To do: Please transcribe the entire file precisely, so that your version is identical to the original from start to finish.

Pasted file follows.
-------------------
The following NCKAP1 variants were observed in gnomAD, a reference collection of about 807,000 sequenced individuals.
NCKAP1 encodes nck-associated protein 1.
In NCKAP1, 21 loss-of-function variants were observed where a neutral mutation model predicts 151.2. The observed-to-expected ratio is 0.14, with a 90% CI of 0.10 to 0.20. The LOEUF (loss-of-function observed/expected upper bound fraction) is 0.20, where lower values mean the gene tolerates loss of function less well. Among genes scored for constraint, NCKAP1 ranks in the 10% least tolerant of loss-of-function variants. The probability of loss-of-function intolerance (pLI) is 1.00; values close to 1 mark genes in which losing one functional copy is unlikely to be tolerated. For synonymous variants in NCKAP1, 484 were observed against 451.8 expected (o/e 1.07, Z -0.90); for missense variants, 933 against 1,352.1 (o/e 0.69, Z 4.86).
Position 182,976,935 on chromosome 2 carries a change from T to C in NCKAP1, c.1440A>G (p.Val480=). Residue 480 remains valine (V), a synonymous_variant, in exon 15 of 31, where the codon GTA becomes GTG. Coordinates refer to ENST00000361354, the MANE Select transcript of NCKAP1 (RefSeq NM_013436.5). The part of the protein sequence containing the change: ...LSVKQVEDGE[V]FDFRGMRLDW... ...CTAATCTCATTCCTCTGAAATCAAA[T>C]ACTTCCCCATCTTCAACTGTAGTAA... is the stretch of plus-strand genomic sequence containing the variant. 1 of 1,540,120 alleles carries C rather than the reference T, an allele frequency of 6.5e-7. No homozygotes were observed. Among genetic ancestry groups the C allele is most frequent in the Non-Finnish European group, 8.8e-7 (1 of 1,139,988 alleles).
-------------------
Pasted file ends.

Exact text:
The following NCKAP1 variants were observed in gnomAD, a reference collection of about 807,000 sequenced individuals.
NCKAP1 encodes nck-associated protein 1.
In NCKAP1, 21 loss-of-function variants were observed where a neutral mutation model predicts 151.2. The observed-to-expected ratio is 0.14, with a 90% CI of 0.10 to 0.20. The LOEUF (loss-of-function observed/expected upper bound fraction) is 0.20, where lower values mean the gene tolerates loss of function less well. Among genes scored for constraint, NCKAP1 ranks in the 10% least tolerant of loss-of-function variants. The probability of loss-of-function intolerance (pLI) is 1.00; values close to 1 mark genes in which losing one functional copy is unlikely to be tolerated. For synonymous variants in NCKAP1, 484 were observed against 451.8 expected (o/e 1.07, Z -0.90); for missense variants, 933 against 1,352.1 (o/e 0.69, Z 4.86).
Position 182,976,935 on chromosome 2 carries a change from T to C in NCKAP1, c.1440A>G (p.Val480=). Residue 480 remains valine (V), a synonymous_variant, in exon 15 of 31, where the codon GTA becomes GTG. Coordinates refer to ENST00000361354, the MANE Select transcript of NCKAP1 (RefSeq NM_013436.5). The part of the protein sequence containing the change: ...LSVKQVEDGE[V]FDFRGMRLDW... ...CTAATCTCATTCCTCTGAAATCAAA[T>C]ACTTCCCCATCTTCAACTGTAGTAA... is the stretch of plus-strand genomic sequence containing the variant. 1 of 1,540,120 alleles carries C rather than the reference T, an allele frequency of 6.5e-7. No homozygotes were observed. Among genetic ancestry groups the C allele is most frequent in the Non-Finnish European group, 8.8e-7 (1 of 1,139,988 alleles).